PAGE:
Essay on Inner Party Democracy in India

Among the various reforms that the Election Commission of India has been insisting upon is the holding of regular elections hi the plethora of political parties which contest elections. The plea is that before these parties go to the electorate seeking its mandate on their policies and programmes, they must exercise and implement democracy at the grassroots level within themselves. Presidency in the Indian National Congress heirarchical, democracy, by which the party savears is a mere sham within its ranks. Dynasty rules the roost.


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The Bharatiya Janata Party, at present, puts up the facade of elections with alarming regularity, but the results are known hi advance for all to see. The Communists have their own politburo — a group of oldthners past then-prime whose word is supreme and sacrosanct in all political and policy matters. They pick-up their General Secretary from among themselves and choose Chief Ministers in the states ruled by the party. AIADMK has its supremo in Jayalalitha, Bahujan Samaj Party in Kanshi Ram and the Akalis hi any figurehead chosen by the Dal. Inner Party democracy in the country is sadly lacking hi all the leading political parties in the realm.

In the Indian National Congress, the post Independence scenario was dominated by the Nehru-Gandhi dynsty. It was either Jawahar Lal Nehru or Indira Gandhi – at best, one of their camp followers lie U.N. Dhebar — who was the congress president till Mrs. Gandhi finally suffered out dissent hi 1969 over the choice of the President of India. She combined the Presidency of the party and the Prime Ministership of the country and ruled with our iron hand. No one could even whisper dissent.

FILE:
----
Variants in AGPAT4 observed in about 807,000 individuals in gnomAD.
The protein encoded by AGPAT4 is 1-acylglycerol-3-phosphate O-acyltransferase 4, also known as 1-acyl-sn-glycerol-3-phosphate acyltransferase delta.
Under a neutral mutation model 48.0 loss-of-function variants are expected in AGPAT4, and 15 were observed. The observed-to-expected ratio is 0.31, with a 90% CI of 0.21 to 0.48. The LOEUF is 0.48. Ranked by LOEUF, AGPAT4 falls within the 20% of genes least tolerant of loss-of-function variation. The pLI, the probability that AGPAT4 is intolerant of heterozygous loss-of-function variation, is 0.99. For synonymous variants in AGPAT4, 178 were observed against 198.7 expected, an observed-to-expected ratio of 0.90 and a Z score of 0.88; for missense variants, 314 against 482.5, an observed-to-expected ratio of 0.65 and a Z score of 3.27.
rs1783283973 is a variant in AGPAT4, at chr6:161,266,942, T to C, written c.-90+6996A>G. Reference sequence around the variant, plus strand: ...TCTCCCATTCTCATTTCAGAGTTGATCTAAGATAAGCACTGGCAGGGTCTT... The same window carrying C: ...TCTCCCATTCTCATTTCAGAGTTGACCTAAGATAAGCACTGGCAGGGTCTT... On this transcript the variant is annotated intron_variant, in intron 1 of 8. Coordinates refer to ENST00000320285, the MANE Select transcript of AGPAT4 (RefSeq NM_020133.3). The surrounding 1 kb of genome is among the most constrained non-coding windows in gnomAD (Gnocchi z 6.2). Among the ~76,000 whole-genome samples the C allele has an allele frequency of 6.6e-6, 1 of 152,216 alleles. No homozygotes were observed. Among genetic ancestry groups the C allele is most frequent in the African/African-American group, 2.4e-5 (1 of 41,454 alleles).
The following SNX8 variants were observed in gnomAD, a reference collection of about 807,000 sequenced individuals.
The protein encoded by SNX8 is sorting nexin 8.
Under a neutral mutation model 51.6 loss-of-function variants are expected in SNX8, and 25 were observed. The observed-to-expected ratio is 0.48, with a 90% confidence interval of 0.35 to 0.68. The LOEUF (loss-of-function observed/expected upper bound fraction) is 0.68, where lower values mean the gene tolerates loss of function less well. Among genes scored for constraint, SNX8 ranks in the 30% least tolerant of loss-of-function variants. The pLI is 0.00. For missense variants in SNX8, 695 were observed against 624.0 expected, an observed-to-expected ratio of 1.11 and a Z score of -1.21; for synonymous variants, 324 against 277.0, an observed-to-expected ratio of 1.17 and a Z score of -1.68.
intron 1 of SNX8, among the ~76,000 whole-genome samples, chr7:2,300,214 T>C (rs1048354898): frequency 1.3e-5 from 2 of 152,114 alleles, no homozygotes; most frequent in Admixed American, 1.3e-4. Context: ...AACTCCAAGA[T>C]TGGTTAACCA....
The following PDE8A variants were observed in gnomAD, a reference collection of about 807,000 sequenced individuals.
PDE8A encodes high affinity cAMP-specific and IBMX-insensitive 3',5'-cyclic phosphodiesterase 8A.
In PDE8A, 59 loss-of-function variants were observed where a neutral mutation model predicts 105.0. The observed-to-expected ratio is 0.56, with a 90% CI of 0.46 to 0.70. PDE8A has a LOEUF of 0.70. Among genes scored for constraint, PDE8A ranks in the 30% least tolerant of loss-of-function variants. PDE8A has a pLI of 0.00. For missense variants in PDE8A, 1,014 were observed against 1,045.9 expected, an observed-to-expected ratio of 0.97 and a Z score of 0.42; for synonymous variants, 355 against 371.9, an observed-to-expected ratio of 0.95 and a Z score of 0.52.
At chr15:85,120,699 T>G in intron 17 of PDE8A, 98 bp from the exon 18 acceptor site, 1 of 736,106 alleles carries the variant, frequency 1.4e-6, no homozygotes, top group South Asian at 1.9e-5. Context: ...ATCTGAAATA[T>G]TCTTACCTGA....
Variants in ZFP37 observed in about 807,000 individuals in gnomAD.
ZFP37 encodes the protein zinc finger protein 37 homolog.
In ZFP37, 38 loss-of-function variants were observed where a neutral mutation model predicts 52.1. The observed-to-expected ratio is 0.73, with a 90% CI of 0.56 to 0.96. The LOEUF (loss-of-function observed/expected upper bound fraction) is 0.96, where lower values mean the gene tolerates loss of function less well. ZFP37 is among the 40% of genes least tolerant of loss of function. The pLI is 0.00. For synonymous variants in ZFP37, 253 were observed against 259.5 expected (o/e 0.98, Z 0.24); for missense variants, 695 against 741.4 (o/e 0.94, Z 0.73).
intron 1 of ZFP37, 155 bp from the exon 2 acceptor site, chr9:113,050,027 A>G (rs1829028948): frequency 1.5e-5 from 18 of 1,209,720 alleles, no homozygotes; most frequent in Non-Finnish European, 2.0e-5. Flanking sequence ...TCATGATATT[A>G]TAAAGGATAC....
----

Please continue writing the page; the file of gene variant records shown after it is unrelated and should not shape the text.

After Mrs. Gandhi’s death, her son Rajiv Gandhi became Prime Minister as well as Congress President till his assassination in 1991. Prime Ministership of the country for the dynasty almost became a thing of the past. P.V. Narasimha Rao paid respects to Rajiv Gandhi’s widows, Mrs. Soriia Gandhi, at every given opportunity and the government even doled out Rs.100 crore a year to the Rajiv Randhi Foundation to keep the ideals of the young leader alive. Rao was congress president till Sitaram Kesri was installed in his place.

When senior Congress leader Sharad Pawar wished to contest against the Kesri during the 13th general elections he was sidelined. He later broke away from the party and formed Nationalist Congress Party. A similar fate awaited Rajesh Pilot when he threw his hat into the ring. He however, returned to the fold soon thereafter.

In the November 2000 elections for the congress president the same story was repeated. It was Sonia Gandhi vs. Jitendra Prasada. On the election day (Nov. 12,2000) his supporters were roughed up. The results was a foregone conclusion. Mrs. Gandhi was re-elected as President of the congress. Mr. Prasad could manage only 94 votes in his favour. Mrs. Gandhi ruled out any action against him for contesting. “Contesting elections” is a part of the democratic process, “she said magnanimously. Sycophancy has perhaps been the most enduring feature of the congress. But will other political parties take heed from the fate of the oldest political party-congress-in the land and resort to true inner party democracy.

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